PM Orbán says voters have made their decision so we must respect their wishes
The prime minister said there would be “significant changes” in his new government over the next four-year term
Prime Minister Viktor Orbán has said the outcome of the general election on Sunday was because Hungarian people voted in favor of national sovereignty.
The prime minister addressed the international press yesterday, assessed the win and laid out plans for the next four years.
PM Orbán said it was voters who had decided after voting on the most important topics: migration and the question of national sovereignty. He said Hungarians should be the only ones to decide whom they wish to live with, “and we must respect this decision”.
The prime minister added that there would be “significant changes” in his new government over the next four-year term. The cabinet will be reshuffled “with mostly new people” in three to four weeks’ time.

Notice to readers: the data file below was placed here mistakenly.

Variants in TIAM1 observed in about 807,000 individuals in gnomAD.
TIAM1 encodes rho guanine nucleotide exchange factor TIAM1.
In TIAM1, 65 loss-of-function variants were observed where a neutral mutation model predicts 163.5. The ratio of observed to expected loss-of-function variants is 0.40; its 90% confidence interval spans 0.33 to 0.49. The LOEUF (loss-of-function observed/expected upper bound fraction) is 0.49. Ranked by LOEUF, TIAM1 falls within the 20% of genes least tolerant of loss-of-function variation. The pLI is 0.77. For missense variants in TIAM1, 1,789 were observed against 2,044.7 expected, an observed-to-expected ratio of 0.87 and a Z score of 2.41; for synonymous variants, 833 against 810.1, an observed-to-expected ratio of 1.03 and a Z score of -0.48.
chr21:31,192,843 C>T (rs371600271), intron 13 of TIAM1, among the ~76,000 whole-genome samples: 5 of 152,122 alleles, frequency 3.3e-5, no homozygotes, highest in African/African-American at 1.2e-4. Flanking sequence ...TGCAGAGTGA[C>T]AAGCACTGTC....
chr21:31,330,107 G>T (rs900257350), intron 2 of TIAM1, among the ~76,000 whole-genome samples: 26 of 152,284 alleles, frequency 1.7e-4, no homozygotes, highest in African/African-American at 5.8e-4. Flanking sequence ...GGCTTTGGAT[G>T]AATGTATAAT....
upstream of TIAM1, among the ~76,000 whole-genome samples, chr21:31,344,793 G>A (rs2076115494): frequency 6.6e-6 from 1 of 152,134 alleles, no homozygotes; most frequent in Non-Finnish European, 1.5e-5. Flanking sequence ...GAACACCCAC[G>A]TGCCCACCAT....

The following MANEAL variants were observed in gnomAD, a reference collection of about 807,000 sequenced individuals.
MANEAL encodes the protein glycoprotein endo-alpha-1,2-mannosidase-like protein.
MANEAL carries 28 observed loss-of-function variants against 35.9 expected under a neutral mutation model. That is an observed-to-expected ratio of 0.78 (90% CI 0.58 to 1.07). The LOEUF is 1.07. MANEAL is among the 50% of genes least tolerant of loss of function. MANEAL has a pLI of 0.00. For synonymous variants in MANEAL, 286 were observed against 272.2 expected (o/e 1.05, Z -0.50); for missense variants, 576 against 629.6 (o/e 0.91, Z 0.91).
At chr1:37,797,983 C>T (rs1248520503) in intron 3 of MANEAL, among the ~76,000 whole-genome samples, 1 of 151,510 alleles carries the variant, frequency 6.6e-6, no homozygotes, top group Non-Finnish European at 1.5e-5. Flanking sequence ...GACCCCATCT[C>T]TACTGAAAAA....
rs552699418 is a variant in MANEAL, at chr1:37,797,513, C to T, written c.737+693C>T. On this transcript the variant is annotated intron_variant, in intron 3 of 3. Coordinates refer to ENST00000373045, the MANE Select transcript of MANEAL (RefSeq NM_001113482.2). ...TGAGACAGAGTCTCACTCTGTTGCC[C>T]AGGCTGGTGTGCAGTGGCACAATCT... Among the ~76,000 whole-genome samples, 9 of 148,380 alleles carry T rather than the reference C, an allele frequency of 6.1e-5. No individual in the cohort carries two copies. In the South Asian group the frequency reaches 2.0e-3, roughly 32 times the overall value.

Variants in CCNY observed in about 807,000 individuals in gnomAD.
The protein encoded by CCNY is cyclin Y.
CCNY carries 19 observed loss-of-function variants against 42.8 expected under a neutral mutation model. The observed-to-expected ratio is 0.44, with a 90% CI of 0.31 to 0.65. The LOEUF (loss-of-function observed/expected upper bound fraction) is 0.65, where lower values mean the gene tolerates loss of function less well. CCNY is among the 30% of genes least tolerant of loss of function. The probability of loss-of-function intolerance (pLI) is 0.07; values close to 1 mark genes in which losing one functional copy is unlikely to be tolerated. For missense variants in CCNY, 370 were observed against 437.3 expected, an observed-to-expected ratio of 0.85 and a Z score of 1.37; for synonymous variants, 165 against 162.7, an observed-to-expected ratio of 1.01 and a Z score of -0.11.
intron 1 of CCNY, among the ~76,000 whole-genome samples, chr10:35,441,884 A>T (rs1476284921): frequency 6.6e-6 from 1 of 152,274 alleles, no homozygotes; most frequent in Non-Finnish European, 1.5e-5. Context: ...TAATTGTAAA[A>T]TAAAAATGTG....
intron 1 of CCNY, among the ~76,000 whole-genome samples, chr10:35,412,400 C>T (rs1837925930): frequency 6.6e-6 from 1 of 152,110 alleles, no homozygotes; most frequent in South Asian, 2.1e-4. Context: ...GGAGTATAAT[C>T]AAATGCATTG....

“We don’t intend to continue with the previous term but instead open a new one,” PM Orbán said, highlighting that the terms of all of his ministers and state secretaries had expired.
The prime minister also said that Hungary is a country that wants a strong Europe of strong member states. He added that his government had to stand by a “Europe of nations” rather than a “united states of Europe”.
PM Orbán reiterated his sentiments over the party win. He said the size of his Fidesz party’s support was clear, “and we received a strong mandate; in fact one of the strongest — if not the strongest — of the last 30 years.”
The prime minister said his new government would work to improve Hungary’s demographic indicators and economic policy would follow “the economic school of Matolcsy”, whose premise is that the country’s finances must be in order. Therefore, Hungary’s public debt is expected to decline further, he added.
On the topic of the “Stop Soros” bill, he said the proposal had been submitted to parliament before the election so that voters would be able to make their decision knowing that, and this fact boosted its legitimacy. “We feel empowered to pass it,” he said.